After reading this particular link, getting this book was a must.  As an individual who’s always sharing information about the growing and rampant issues of Big Pharma in order to educate others, this book seemed indispensable.  Although a bit dated, am hopping the book still holds plenty of information valuable enough to share.

Before I Go – Letters To Our Children About What Really Matters by Peter Kreeft Ph.D.

It took a long time for me to find a philosopher/individual that not only talked about classical philosophy in a manner one can learn from, but also many other unsung topics within that realm, which are still vital nonetheless.  Enter philosopher Peter Kreeft Ph.D.  Why did Kreeft like a natural fit for me, when there are countless people out there?

Kreeft is methodical, logical, precise, not overly complex, isn’t afraid to ask tough questions, uses simplicity quite often, and thinks in an analogical manner.  If there was EVER someone who would have been awesome as a professor, at least from my point of view, this person would be it.  Heck, Kreeft’s range in thought/discourse is so wide that even has a book on J.R.R. Tolkien’s Philosophy, called The Philosophy Of Tolkien: The Worldview Of Lord Of The Rings, which is on the way as we speak.

In any case, having reading Kreeft’s Socratic Logic [review here], and Philosophy 101 by Socrates: An Introduction To Philosophy via Plato’s Apology [review here], which are two indispensable books, mind you, am making it a point of getting all of his books that appeal to me, and the book above fit within those parameters.

Reading has become a mainstay in my life, and am finding that am learning magnitudes more than ever thought possible when compared to public schooling, which was a complete waste of time and didn’t yield anything of substance that couldn’t have been taught by people in homeschooling or by private tutoring.  That’s why am making it a point to continue being an autodidact, while also researching topics that will be of interest to myself, but might also help others in the process.

Have any of you done any bookhauls?  If you’ve done any, please share them below as it would be great to see what books individuals have gotten – or are considering for that matter – these last few months.

Common Core Crisis #3

Zy Marquiez
February 8, 2017

In our dreams, people yield themselves with perfect docility to our molding hands. The present education conventions of intellectual and character education fade from their minds, and, unhampered by tradition, we work our own good will upon a grateful and responsive folk.  We shall not try to make these people, or any of their children, into philosophers, or men of science. We have not to raise up from them authors, educators, poets or men of letters. We shall not search for great artists, painters, musicians nor lawyers, doctors, preachers, politicians, statesmen — of whom we have an ample supply.  The task is simple. We will organize children and teach them in a perfect way the things their fathers and mothers are doing in an imperfect way.”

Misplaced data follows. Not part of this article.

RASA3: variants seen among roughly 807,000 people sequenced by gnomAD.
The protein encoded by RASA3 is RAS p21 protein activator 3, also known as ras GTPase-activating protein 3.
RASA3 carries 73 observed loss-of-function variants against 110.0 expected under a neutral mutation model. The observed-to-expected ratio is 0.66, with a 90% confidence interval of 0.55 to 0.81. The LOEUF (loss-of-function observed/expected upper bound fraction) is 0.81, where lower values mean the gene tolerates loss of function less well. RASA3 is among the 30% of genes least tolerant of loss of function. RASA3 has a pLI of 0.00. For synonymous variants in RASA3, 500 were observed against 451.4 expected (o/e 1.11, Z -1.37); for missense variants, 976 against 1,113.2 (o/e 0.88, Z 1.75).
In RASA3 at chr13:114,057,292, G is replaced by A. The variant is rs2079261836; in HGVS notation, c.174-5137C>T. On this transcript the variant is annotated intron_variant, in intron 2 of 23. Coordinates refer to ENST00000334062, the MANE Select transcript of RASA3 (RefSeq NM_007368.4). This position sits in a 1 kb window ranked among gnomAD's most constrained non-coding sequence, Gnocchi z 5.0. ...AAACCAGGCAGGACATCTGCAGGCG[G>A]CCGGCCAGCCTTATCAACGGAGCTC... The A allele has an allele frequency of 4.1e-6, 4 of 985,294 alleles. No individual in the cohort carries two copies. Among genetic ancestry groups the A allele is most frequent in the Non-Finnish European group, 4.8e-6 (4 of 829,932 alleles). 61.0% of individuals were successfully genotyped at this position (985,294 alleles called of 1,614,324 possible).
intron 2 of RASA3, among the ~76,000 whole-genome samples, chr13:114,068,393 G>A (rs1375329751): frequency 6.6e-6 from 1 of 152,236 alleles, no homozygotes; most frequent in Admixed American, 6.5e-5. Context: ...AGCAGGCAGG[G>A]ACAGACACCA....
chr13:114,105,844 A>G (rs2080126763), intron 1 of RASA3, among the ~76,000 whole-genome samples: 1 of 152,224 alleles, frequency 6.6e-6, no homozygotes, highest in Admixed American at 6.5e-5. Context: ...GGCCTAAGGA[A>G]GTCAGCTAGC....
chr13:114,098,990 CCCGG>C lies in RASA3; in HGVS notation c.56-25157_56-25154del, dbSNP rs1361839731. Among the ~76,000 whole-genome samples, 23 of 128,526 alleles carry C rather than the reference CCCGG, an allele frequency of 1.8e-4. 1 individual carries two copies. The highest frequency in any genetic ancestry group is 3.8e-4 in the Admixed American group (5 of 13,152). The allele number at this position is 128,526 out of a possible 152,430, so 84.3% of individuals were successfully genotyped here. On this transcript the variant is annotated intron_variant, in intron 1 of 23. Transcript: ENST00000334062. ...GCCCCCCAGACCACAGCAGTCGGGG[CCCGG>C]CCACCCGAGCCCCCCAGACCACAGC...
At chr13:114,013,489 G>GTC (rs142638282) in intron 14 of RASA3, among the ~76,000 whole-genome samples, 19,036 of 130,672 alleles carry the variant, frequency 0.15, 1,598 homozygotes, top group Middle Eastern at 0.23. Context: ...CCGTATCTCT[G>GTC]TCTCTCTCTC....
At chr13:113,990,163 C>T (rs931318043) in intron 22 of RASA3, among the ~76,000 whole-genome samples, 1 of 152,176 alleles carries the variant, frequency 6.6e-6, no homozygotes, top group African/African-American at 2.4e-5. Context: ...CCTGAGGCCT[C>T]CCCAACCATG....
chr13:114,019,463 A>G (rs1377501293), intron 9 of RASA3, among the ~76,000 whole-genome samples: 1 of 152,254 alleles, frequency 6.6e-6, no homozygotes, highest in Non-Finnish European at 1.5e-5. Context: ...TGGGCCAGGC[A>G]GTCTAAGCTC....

– [John D. Rockefeller Sr., Occasional Letter Number One, General Education Board

In previous posts [here and here] were shown the downright nonsense that students have to go through.  Below, additional evidence is shown illustrating why children’s test scores and intelligence keeps plummeting [as shown here], and its rather troublesome to say the least.

The example stems from the book, Drilling To The Core, which details a wide-ranging set of issues revolving around Common Core:

“In 1995, a student-teacher of fifth graders in Minneapolis wrote a letter to the editor of the Star-Tribune complaining about radically dumbed-down curriculum.  She wrote that 113 years earlier fifth-graders in Minneapolis were reading William Shakespeare, Henry Thoreau, George Washington, Sir Walter Scott, Mark Twain, Benjamin Franklin, Oliver Wendell Holmes, John Bunyan, Daniel Webster, Samuel Johnson, Lewis Caroll, Thomas Jefferson, and others like them in the Appletone School Reader, but that today: